Rise and fall: what the numbers say
Rates of the vote of winners at parliamentary elections which saw a change
Total vote obtained
As a % of the total valid vote Rate of growth
1. SLFP's vote at 1952 Election 361250
2. At 1956 Election (MEP)
3. Difference in 1956 in relation to 1952
as a % of total valid vote
Rate of growth
1. SLFP's vote in 1965
2. At 1970 Election
1. 1970 UNP's vote
2. 1970 Election
3. Difference in 1977 in relation to 1970
1. 1989 SLFP vote
2. 1994 (United Front)
3. Difference in 1994 in relation to 1989
Rates of the vote obtained by the winner who wins again at elections where
no change of government is effected.
As % of total vote
Rate of decrease
1960 July Election
1. 1956 Election MEP Vote
2. 1960 Election SLFP
3. Difference in 1960 in relation to 1956
As % of total valid vote
Rate of decrease
1. 1977 UNP vote
2. 1989 vote
3. Difference in 1989 in relation to 1977
1. 1994 PA vote
2. 2000 vote
3. Difference in 2000 in relation to 1994
By Victor Ivan
A common pattern can be observed in the number of
votes a ruling party obtains is re-elected and an opposition party gets
when it is elected to office.
On every occasion when a ruling party wins an election, a decline in
its vote base is observed. This phenomenon also means that when an opposition
party wins, there is an increase in its vote bank.
The SLFP which obtained 15.5 percent of the votes at the 1952 parliamentary
election was elected to office in 1956 with 39 percent of votes _ an increase
of about 24 percent.
Again in 1970, the opposition SLFP which got 30.2 percent of votes in
1965, got 49% when it was elected to office, contesting as a United Front
_ an increase of 18.8 percent.
The UNP got 37.9 percent of votes and lost the 1970 elections, but it
was elected to office in 1977 with a massive 50.9 percent of votes _ an
increase of 13 percent.
In 1989 the SLFP which failed to win the elections that year got 31.9
percent but when it won the election in 1994 it obtained 48.9 percent _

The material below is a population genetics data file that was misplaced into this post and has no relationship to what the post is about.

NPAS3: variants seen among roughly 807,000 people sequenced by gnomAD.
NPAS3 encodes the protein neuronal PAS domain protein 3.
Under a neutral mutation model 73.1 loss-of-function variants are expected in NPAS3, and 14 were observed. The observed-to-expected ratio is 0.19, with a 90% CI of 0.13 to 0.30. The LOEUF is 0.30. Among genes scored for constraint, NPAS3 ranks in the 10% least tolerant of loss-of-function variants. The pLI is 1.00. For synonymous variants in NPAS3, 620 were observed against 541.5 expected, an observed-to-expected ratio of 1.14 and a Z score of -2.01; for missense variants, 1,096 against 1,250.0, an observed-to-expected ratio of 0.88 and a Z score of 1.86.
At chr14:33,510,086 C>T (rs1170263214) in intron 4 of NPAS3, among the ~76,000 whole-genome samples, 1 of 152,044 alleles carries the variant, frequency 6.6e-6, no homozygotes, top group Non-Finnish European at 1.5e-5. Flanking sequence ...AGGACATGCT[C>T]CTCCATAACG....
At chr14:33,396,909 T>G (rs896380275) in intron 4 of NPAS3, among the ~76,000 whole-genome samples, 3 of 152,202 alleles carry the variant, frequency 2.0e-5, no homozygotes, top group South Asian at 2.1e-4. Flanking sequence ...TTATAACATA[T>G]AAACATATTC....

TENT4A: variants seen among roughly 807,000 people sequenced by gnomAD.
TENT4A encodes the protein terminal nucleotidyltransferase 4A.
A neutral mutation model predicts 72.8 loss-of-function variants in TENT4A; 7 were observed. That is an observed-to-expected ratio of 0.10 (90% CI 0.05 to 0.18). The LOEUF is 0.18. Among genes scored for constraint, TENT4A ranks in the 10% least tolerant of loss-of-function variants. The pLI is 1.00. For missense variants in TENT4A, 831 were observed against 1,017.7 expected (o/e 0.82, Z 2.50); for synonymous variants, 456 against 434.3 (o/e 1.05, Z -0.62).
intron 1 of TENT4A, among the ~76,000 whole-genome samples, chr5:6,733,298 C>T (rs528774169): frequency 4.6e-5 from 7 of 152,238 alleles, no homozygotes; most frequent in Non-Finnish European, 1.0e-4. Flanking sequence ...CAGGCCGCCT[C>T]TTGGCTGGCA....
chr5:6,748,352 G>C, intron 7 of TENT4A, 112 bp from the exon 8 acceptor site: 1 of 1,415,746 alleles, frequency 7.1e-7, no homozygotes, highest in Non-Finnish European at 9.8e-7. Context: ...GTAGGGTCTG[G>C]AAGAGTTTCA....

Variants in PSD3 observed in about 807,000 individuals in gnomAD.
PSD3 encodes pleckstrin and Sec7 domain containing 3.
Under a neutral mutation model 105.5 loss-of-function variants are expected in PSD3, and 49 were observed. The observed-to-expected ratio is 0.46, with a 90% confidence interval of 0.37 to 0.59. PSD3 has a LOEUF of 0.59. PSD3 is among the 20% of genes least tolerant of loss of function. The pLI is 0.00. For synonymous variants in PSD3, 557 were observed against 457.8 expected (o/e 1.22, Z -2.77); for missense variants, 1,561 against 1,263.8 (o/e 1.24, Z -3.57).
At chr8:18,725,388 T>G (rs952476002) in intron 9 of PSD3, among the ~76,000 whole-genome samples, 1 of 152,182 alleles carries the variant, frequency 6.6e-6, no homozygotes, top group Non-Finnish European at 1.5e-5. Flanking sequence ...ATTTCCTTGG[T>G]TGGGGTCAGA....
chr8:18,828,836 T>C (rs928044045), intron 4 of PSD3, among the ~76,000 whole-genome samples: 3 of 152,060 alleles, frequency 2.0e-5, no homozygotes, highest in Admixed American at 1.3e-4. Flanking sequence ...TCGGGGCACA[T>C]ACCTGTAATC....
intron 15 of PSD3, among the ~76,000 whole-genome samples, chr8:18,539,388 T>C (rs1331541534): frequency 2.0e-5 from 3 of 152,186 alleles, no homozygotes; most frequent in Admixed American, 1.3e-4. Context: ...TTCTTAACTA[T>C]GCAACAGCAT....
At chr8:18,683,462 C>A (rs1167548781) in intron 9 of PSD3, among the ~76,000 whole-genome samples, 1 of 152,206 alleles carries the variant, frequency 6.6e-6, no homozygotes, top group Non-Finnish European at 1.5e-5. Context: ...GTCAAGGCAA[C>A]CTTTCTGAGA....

an increase of 17 percent.
It has been a general rule that when a ruling party loses, the victorious
opposition records a substantial growth in its share of the vote.
On the other hand, when a party in power is re-elected, there is a decline
rather than a growth in its vote base.
The SLFP which came to power in 1956 was re-elected to office in July
1960. But its vote base declined from 39.5 percent in 1956 to 33.6 in 1960.
The UNP which was elected to office in 1977 with 50.9 percent of votes
obtained 50.7 percent at the 1989 elections. Though the declined was a
mere 0.2 percent, the manner in which the elections were held makes one
to assume that this figure would have been much lower if the elections
had been held under normal conditions.
The PA which was elected to office in 1994 with 48.9 percent of votes
obtained 3.8 percent fewer votes when it was re-elected in 2000.
Psephological studies show the average growth rate in vote base for
an opposition party that is elected to office is a staggering 18.2 percent.
The average decline in the vote base of a party in office when it is
re-elected is 3.23 percent.
This analysis suggests, there will be a decline in the PA vote base.
This decline coupled with the withdrawal of the SLMC and the CWC support
points to a PA defeat.
On the other hand, there should be an increase in the UNP vote base
and this coupled with the support it gets from the SLMC and the CWC, we
can assume the United National Front is likely to win the December 5 elections,
provided there is no mass-scale vote rigging.
As the average gain in the vote base for an opposition party coming
to power is 18.2 percent, we can assume the UNP will win the election.
This may be the case even if the growth rate is just ten percent _ a 50
percent of votes cast. In this event, the PA's share will be around 35
percent with all other parties accounting for 15 percent.
Then the share of the seats which the parties will get is as follows:
United National Front 124-126 seats, the PA 74 - 76 seats and all other
parties 25 seats.
The writer is the editor of Ravaya
Clinically Yours - By Dr. Who
Gunning for polls Somawansa style
Finally, the elusive, reclusive and exclusive Somawansa Amerasinghe has
returned. But what for, we may well ask.
Whenever the Peoples' Alliance government calls for an election it has
to import someone to do the dirty work: in 1999, it was Douglas Peiris